Why does the Quran address mostly men?

Quran is a book sent as an address through Prophet Muhammad (peace and blessings be upon him). It is useful to know that the Quran was sent in the style of speech and that it was transferred from language of speaking into written form. For this reason, the style of Quran is full of such addresses as say, "o humankind", "o believers", "o disbelievers", "o people of the book", "o prophet", they ask you, say It is because the Quran addresses the Prophet that the addresses in the verses are in the masculine. In Arabic, the female and the male are addressed with different expressions. And it is the requisite of this language that the addresses to the Prophet are in the masculine.

In the Quran and Hadiths, Islamic commandments and prohibitions, promises about the world and the hereafter are inclusive of both men and women, if no exception is made. It is not important that these are expressed in masculine predicates, adjectives, and pronouns. This is thus in terms of both Arabic and Islamic Jurisprudence methodology.

It is not necessary for a command or a prohibition that addresses men to be repeated for women, too. This is because, as we mentioned, this is the requisite of Arabic and of the mentality of law, as well as a requisite of Qurans peculiar style and of its mentality of expression. For Quran, before else, declares believer men and believer women as friends and helpers of each other:

"The believers, both men and women, they are guardians, confidants, and helpers of one another. They enjoin and promote what is right and good and forbid and try to prevent the evil, and they establish the Prescribed Prayer in conformity with its conditions, and pay the Prescribed Purifying Alms. They obey God and His Messenger. They are the ones whom God will treat with mercy. Surely God is All-Glorious with irresistible might, All-Wise." (At-Taubah Surah, 9:71)

Similarly, in this verse, the expression They enjoin and promote what is right and good, and forbid and try to prevent the evil and other subjects and pronouns until the end of the verse are all expressions addressed to men. By looking at this, is it possible to say that the verse excludes women? No.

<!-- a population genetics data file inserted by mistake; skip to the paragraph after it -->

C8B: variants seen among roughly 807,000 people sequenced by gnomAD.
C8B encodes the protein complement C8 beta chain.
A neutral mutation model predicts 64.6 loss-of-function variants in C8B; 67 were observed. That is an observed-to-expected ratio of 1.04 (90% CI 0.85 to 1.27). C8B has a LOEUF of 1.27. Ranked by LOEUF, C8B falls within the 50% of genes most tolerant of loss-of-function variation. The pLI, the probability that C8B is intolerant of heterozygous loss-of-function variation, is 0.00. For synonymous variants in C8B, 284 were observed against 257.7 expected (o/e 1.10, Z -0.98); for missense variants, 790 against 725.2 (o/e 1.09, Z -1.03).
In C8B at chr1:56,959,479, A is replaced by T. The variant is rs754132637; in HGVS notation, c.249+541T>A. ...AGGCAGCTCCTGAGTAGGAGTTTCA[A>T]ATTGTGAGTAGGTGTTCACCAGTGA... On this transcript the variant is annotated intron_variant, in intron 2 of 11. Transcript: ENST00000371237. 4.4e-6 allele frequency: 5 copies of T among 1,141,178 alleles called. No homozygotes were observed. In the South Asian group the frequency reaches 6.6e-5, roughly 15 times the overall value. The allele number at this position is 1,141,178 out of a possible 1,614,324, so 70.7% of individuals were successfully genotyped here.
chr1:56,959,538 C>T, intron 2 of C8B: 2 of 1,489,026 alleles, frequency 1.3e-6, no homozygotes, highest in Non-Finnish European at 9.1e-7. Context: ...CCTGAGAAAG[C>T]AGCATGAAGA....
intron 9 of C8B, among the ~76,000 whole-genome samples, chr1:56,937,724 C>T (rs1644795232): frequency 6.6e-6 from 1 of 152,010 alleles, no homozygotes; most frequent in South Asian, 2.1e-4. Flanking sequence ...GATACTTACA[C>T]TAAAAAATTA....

Quran openly promises the beauties and favors of the paradise to believers, both men and women. Likewise, in At-Taubah Surah, 72nd verse, it is said:

"God has promised the believers, both men and women, Gardens through which rivers flow, therein to abide, and blessed dwellings in Gardens of perpetual bliss; and greater (than those) is Gods being pleased with them. That indeed is the supreme triumph."

Islam is not the religion of only men. The Quran does not address solely men. In the Glorious Quran, there is a long surah special to women (An-Nisa Surah). In Quran, it is said that God also sent revelation (inspiration) to some women (Al-Qasas, 28). "Women are the other half of men" which means one equal part of a whole. "And whoever does deeds of righteousness, whether male or female, such will enter Paradise." (An-Nisa, 4:124). "The believers, both men and women; they are guardians, confidants, and helpers of one another" (At-Taubah, 9:71). "Men shall have a share according to what they have earned, and women shall have a share according to what they have earned." (An-Nisa, 4:32)

In Quran, the words that denote women nisa, nisve, imrae, unsa pass together with their derivatives for 85 times, and the words racul, zakar, mar that denote men pass again together with their derivatives for 86 times.

There is no Islamic scholar, and no human being who says that the word human does not include women.

When the majority is addressed, as a requisite of the Arabian language, it will be done either in a masculine or in a feminine structure. In a community in which the social life is on mens shoulders with its entire burden, what can be more normal than choosing the masculine structure? Moreover, this language is the same language Arabs used before Islam. They talked this way in those times, too. Can it be imagined that the Quran, which came in their own language, mars that language? The same characteristic is present in French and partially in English, as well. Can you give utterance to the same claim for them, too?

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